ARCHIVE: Eggs and poultry: Environmental protection and pollution control legislation

Environmental Protection Act 1990

The Act, amongst other things, makes provision for the improved control of pollution arising from certain industrial and other processes, regulates the collection and disposal of waste and defines statutory nuisances.

In relation to poultry production, the parts of the Act dealing with statutory nuisances are relevant. A statutory nuisance is defined as including any dust, steam, smell or effluvia arising on industrial, trade or business premises and being prejudicial to health or a nuisance. The Local Authority has powers to investigate complaints of statutory nuisances and issue an Abatement Notice if a statutory nuisance exists.

Implementing Authority and Source of Further Information: Local Authority Environmental Health Department.

Pollution Prevention and Control Act 1999

and

Pollution Prevention and Control (England) Regulations 1999

The Regulations will implement into UK Law the requirements of the EU Integrated Pollution Prevention and Control (IPPC) Directive. This aims to provide protection for the environment by integrating the control of emissions into air, water and soil. The Regulations apply to new large poultry units and existing facilities which meet the criteria will come under the Regulations no later than 2007. A proportion of existing units however came under the Regulations in 2004.

The Regulations will apply to poultry units with 40,000 or more bird places. Units will require a permit to operate and to show that they are operating to certain standards.

A series of model application templates has been prepared to help poultry farmers to apply for a permit to operate under the IPPC Regulations. See the British Poultry Council website.

A series of factsheets communicating Pollution Prevention and Control (PPC) information to farmers has been published, see:

The Water Resources Act 1991

The Water Resources Act aims to prevent water pollution from happening and allows people to be prosecuted if they pollute under the Act.

It is an offence to cause or knowingly permit a discharge of poisonous, noxious or polluting matter or solid waste matter into controlled waters (including ground water, lakes, ponds, rivers, streams and ditches) without proper authority (usually in the form of a consent from the Environment Agency).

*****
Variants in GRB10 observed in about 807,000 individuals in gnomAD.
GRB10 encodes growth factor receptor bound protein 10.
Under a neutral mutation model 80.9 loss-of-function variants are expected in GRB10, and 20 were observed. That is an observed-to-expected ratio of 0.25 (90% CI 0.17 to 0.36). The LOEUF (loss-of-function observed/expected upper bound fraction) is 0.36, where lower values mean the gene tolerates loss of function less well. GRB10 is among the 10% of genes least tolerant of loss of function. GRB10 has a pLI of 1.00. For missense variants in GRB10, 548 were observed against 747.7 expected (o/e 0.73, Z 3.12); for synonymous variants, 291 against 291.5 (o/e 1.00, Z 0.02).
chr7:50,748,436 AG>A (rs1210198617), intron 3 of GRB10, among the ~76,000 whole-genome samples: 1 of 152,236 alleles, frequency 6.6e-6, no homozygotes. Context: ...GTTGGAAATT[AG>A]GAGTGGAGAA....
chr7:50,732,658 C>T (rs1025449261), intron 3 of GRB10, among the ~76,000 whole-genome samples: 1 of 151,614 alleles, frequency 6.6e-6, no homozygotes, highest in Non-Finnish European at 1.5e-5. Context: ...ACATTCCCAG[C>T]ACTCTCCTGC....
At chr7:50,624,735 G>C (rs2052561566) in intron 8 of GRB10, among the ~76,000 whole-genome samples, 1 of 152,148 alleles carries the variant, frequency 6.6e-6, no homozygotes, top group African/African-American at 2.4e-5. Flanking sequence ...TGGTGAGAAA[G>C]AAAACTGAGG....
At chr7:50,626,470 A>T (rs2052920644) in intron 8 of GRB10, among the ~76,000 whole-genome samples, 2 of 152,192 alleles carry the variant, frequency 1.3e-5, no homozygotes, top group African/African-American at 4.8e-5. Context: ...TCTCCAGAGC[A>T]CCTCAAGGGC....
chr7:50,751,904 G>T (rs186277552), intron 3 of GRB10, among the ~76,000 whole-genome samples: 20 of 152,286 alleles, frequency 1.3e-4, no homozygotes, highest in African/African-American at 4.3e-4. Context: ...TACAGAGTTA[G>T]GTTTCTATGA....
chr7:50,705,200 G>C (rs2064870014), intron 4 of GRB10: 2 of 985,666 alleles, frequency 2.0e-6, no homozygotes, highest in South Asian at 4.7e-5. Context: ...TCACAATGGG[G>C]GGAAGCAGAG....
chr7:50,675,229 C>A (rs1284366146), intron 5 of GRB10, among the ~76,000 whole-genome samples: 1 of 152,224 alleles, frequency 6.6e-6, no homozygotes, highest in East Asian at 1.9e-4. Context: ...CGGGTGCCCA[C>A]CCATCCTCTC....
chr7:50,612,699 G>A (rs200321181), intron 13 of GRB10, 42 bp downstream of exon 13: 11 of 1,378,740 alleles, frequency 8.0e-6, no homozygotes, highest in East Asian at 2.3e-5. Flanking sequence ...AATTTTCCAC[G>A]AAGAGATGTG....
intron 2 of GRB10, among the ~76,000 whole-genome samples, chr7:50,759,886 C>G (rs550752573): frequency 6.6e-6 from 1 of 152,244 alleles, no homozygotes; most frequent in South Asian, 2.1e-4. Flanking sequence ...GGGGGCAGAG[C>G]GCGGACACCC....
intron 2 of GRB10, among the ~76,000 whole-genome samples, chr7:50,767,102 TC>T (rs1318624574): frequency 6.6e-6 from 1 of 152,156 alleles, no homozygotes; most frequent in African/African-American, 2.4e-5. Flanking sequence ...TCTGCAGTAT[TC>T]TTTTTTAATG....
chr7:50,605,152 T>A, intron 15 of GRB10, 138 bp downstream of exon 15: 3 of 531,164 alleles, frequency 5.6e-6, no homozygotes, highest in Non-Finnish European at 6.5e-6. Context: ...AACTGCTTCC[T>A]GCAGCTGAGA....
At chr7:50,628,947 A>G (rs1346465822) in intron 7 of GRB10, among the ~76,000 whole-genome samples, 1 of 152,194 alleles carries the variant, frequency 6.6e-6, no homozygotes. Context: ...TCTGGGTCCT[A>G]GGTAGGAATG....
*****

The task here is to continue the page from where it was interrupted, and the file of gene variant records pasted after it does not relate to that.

The Control of Pollution (Silage, Slurry and Agricultural Fuel Oil) Regulations 1991 as amended

The Control of Pollution Regulations aim to prevent pollution by silage, slurry and fuel oil by setting standards for keeping and handling these substances. Dirty water and foul run-off is described as slurry in the Regulations. Facilities which were in existence before 1 September 1991 are usually exempt from the rules but the Environment Agency can require them to be improved if there is a significant risk of pollution. New, substantially enlarged, or substantially reconstructed facilities must meet the standards set out in the Regulations. The Environment Agency must be informed at least 14 days before and of the exact site on which new facilities are to be used.

Implementing Authority: Environment Agency.

Source of further information: Environment Agency and independent consultancy organisations such as ADAS.

The Protection of Water against Agricultural Nitrate Pollution (England and Wales) Regulations 1996 and the Action Programme for Nitrate Vulnerable Zones (England and Wales) Regulations 1998

The Nitrate Directive aims to reduce nitrate pollution from agricultural sources, which could include certain poultry operations. Nitrate Vulnerable Zones are defined as those where the nitrate concentration in water exceeded, or was expected to exceed, the precautionary limit of 50mg/litre. Farmers in the 68 NVZ’s have had to reduce nitrate leaching from their land. For poultry enterprises, methods of achieving this have included controlling the timings and rates of manure applications and the storage of slurry.

Codes of Good Agricultural Practice for the Protection of Air, Water, and Soil 1998

These updated Codes of Practice, whilst not statutory, provide practical guides to help prevent farmers and growers from causing pollution to air and water and damage to soils.

Copies of the Codes are available.

Implementing Authority: Environment Agency.

The Animal By-Products Order 1999 and The Dogs Act 1906 as amended

Carcasses or parts of carcasses which are not intended for human consumption must generally be disposed of by rendering, incineration or, in certain circumstances, by burning or burial. Certain types of material may be sent to a knackers yard, hunt kennel or to other premises registered under the Animal By-Products Order.

Under the Dogs Act 1906 it is an offence to permit the carcass of any livestock to remain unburied in a field or other place to which dogs can gain access.

Implementing Authority and Source of Further Information: Local Authority.

Highways Act 1980

Included in this Act are sections relating to the deposition of "anything" on a highway where there is interruption, injury or danger to the user or a nuisance. This has been interpreted as including the dropping of slurry or solid manure onto public highways from farm machinery and contractor's vehicles.

Implementing Authority and Source of Further Information: Local Authority.

Implementing Authority and Source of Further information: Defra Animal Health and Welfare

Page last modified: 21 July 2009
Page published: 21 July 2009